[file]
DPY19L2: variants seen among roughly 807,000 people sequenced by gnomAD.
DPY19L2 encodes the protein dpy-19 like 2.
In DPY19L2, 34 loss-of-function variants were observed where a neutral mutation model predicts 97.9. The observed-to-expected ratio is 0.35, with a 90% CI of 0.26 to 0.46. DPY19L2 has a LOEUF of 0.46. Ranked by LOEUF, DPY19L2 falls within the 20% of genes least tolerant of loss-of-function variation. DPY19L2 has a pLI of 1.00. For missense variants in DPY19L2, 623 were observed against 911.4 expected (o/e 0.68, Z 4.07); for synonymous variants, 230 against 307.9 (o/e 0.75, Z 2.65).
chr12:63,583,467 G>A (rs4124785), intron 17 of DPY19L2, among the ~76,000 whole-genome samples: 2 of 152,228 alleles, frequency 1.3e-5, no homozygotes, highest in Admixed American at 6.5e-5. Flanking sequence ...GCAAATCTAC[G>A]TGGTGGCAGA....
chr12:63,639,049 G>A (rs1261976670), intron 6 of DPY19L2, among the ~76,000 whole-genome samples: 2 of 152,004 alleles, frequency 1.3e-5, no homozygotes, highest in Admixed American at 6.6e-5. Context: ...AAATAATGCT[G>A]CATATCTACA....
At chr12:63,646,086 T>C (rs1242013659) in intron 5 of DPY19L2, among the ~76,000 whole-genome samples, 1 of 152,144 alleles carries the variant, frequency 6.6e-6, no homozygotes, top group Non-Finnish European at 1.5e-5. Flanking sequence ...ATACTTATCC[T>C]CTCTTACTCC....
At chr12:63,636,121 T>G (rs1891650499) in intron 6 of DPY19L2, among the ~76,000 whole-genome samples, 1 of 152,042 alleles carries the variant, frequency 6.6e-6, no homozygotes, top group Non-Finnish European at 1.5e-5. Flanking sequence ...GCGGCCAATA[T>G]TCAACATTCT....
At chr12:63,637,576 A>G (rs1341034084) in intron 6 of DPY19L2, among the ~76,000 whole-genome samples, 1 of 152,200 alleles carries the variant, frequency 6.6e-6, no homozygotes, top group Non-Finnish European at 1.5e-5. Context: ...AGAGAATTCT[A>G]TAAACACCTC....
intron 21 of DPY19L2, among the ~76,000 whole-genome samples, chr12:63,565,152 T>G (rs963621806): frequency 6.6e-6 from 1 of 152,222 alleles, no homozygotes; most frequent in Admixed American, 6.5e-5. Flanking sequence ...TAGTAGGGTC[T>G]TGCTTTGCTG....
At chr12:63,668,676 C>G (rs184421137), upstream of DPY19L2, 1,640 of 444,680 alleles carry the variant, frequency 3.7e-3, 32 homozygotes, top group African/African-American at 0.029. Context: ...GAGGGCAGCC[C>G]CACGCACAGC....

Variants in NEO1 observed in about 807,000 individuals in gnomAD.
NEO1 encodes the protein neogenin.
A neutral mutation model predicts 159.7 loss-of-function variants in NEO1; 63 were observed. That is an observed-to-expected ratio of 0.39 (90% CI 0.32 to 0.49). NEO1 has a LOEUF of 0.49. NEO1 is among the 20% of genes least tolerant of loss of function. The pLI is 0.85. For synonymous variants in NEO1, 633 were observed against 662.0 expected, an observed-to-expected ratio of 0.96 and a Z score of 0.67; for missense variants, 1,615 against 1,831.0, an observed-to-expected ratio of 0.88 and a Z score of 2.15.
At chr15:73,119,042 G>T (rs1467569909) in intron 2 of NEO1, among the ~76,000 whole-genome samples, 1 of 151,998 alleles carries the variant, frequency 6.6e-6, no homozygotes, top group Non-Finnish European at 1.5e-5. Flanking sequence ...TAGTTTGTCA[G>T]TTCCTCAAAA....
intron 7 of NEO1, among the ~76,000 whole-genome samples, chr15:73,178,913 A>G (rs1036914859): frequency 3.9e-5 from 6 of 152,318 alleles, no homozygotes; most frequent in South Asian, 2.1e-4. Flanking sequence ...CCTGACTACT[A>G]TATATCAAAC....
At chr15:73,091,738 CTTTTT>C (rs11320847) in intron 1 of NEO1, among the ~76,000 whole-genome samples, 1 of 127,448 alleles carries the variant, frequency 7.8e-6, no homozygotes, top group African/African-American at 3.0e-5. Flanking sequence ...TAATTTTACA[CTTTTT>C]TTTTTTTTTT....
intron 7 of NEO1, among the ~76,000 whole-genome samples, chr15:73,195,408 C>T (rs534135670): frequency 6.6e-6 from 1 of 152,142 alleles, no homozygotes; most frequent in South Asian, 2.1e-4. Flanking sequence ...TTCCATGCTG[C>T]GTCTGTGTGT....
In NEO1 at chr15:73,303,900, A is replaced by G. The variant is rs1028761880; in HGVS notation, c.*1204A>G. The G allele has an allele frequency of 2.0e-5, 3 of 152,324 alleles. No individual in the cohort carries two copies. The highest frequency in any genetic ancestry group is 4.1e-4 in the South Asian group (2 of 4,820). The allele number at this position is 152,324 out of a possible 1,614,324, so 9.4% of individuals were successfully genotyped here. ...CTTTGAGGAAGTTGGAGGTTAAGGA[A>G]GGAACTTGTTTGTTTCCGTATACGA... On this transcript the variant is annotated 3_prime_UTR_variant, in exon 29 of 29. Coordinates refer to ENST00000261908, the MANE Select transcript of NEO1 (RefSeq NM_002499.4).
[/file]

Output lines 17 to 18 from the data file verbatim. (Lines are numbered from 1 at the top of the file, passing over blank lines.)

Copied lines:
intron 7 of NEO1, among the ~76,000 whole-genome samples, chr15:73,195,408 C>T (rs534135670): frequency 6.6e-6 from 1 of 152,142 alleles, no homozygotes; most frequent in South Asian, 2.1e-4. Flanking sequence ...TTCCATGCTG[C>T]GTCTGTGTGT....
In NEO1 at chr15:73,303,900, A is replaced by G. The variant is rs1028761880; in HGVS notation, c.*1204A>G. The G allele has an allele frequency of 2.0e-5, 3 of 152,324 alleles. No individual in the cohort carries two copies. The highest frequency in any genetic ancestry group is 4.1e-4 in the South Asian group (2 of 4,820). The allele number at this position is 152,324 out of a possible 1,614,324, so 9.4% of individuals were successfully genotyped here. ...CTTTGAGGAAGTTGGAGGTTAAGGA[A>G]GGAACTTGTTTGTTTCCGTATACGA... On this transcript the variant is annotated 3_prime_UTR_variant, in exon 29 of 29. Coordinates refer to ENST00000261908, the MANE Select transcript of NEO1 (RefSeq NM_002499.4).